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The Art Market under the Occupation (Le marché de l’art Sous l’occupation)

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Original Language: French | 336 pp | February 2019

2 Seas Represents: Dutch, Nordic Countries, English (Canada), English (USA) rights.

NON-FICTION | HISTORY OF ART | ART

It’s a fact that the art market in France during World War II is flourishing. Pieces of art are sold, smuggled and traded, sometimes at a very high price and these transactions have heavy consequences on the destiny of pieces that belong to Jewish families. Likewise, anti-Semitic laws ostracize numerous actors and actresses of the art market because they are stamped as “Jews”.

In 2012, the German government stumbles upon more than 1,500 paintings in a Munich apartment. They are the war treasures that Cornelius Gurlitt, an art dealer, had robbed from Jewish families. From this precise starting point, Emmanuelle Pollack sheds light on the patterns of a prosperous art market in a context of persecution and connivance. The first spoliations of Jewish properties started a mere week after the German troops entered Paris. Jewish people’s misfortune goes hand in hand with the healthiness of the art market. It bloomed when Paris was under the Nazi’s occupation. Hôtel Drouot auction house was packed, reaching all-time records. Auctioneers and well-known experts, French, Swiss, German art dealers, French and German museum curators, they all profited from the robbing of Jewish paintings, master pieces, ancient books, etc.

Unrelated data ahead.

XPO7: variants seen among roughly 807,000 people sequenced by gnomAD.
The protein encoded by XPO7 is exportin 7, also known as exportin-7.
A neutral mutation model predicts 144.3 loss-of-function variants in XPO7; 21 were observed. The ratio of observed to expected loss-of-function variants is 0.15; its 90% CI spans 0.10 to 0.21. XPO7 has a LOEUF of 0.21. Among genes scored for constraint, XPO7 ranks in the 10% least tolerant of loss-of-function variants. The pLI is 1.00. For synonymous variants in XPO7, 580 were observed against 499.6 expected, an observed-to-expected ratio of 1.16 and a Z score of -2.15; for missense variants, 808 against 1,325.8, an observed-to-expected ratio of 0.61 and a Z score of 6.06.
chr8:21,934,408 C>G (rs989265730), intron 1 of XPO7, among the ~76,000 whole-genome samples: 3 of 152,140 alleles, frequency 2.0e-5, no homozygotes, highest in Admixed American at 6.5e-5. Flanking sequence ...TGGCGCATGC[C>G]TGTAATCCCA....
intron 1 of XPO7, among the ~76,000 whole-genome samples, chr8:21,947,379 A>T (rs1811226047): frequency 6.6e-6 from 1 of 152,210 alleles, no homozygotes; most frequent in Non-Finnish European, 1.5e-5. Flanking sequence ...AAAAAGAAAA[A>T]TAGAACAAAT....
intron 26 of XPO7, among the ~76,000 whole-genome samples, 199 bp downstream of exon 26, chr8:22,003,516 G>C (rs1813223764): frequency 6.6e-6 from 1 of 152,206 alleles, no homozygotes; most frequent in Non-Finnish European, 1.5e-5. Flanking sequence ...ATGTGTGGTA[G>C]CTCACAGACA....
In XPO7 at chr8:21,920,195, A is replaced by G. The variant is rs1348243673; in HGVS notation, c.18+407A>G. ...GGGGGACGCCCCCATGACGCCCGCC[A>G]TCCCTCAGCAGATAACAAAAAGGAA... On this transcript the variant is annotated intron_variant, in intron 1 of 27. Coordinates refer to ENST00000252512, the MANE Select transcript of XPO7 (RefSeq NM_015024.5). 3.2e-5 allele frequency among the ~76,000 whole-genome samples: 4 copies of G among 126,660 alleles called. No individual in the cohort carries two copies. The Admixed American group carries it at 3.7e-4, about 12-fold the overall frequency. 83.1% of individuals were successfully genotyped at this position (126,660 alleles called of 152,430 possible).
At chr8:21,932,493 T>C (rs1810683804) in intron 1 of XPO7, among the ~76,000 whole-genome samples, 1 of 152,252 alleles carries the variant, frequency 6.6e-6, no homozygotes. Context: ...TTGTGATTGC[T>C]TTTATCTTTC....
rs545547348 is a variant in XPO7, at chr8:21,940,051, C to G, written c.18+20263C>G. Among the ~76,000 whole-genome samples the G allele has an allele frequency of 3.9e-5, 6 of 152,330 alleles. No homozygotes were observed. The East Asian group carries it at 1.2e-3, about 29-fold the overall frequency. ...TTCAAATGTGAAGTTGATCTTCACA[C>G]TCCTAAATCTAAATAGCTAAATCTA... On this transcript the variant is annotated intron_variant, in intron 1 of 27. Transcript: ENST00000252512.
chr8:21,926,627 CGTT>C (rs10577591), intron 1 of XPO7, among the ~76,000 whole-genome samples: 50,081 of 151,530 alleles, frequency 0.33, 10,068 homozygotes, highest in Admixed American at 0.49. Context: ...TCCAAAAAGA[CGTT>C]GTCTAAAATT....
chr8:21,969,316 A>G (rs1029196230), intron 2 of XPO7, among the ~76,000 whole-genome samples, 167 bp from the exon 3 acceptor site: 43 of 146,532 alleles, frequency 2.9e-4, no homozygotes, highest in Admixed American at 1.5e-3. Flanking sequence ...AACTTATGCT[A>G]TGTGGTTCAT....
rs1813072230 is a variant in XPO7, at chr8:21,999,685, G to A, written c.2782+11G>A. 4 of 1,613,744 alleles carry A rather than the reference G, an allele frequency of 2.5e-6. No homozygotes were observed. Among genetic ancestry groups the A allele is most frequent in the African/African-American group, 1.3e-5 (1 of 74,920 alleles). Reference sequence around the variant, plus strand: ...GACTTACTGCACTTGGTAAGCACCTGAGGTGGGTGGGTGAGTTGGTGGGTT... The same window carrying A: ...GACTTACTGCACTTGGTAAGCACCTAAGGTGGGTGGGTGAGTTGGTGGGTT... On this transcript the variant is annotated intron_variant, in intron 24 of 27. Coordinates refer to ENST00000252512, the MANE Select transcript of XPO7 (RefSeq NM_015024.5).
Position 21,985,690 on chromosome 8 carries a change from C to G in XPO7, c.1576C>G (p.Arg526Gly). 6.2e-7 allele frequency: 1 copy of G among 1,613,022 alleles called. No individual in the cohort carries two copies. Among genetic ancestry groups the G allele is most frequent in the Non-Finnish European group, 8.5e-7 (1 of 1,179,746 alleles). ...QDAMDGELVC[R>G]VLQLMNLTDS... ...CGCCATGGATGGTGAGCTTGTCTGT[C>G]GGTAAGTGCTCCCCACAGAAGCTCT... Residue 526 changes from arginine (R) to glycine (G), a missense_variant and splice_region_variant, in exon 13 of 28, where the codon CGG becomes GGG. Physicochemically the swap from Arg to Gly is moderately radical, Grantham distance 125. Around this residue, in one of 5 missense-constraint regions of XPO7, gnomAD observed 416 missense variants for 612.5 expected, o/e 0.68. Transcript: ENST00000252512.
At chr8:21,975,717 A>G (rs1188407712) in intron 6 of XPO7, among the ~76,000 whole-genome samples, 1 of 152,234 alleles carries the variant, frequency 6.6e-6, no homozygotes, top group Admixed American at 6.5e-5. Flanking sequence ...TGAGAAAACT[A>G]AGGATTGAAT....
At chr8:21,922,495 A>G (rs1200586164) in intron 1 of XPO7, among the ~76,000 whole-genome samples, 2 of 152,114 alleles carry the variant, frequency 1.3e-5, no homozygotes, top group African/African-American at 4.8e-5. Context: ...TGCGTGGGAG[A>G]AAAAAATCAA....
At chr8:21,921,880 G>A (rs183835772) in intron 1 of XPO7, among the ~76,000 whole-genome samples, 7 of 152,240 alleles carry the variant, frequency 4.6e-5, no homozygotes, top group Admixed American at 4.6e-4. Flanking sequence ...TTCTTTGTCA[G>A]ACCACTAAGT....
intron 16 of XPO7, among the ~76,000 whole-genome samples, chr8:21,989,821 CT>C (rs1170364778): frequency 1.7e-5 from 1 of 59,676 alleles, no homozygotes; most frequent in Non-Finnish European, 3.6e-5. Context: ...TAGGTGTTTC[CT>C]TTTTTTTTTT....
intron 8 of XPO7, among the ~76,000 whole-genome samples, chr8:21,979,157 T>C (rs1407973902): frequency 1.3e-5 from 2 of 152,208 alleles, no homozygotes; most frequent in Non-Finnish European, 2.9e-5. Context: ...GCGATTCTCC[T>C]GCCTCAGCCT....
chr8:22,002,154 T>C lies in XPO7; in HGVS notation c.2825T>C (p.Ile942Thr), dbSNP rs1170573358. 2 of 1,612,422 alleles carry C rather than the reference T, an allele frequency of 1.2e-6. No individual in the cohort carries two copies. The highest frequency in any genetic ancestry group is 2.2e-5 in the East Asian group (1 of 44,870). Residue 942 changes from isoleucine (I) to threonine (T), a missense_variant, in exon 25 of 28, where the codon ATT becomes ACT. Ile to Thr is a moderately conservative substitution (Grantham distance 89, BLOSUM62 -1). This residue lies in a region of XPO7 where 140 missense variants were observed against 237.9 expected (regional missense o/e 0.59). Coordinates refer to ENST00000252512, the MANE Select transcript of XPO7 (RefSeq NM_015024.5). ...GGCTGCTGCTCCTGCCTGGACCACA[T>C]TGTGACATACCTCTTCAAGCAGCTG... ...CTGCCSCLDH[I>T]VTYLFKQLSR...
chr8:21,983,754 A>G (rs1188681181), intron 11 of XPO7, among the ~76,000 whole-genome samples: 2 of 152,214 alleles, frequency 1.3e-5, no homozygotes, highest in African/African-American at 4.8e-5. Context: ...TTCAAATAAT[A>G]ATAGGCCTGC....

Jewish owners’ apartments are looted, and, with the help of the Vichy government, Parisian galleries are, too. Meanwhile, upon the General Commissariat for Jewish Affairs’ request, Jewish people are banned from the Hôtel Drouot auction house. Backed up by archived documents, Emmanuelle Polack explains without judgment how some art market fortunes are made during the Occupation.

Emmanuelle Polack, doctor in Art History (Ph.D.) and screenwriter, was the Head of the Museum of French Monuments’ archiveswithin the Architecture and Heritage City. In 2010, she curated the exhibit « Rose Valland sur le front de l’art ». She was called upon as a consultant when 1,500 paintings were discovered in a Munich apartment, stolen from Jewish families by the art dealer Cornelius Gurlitt.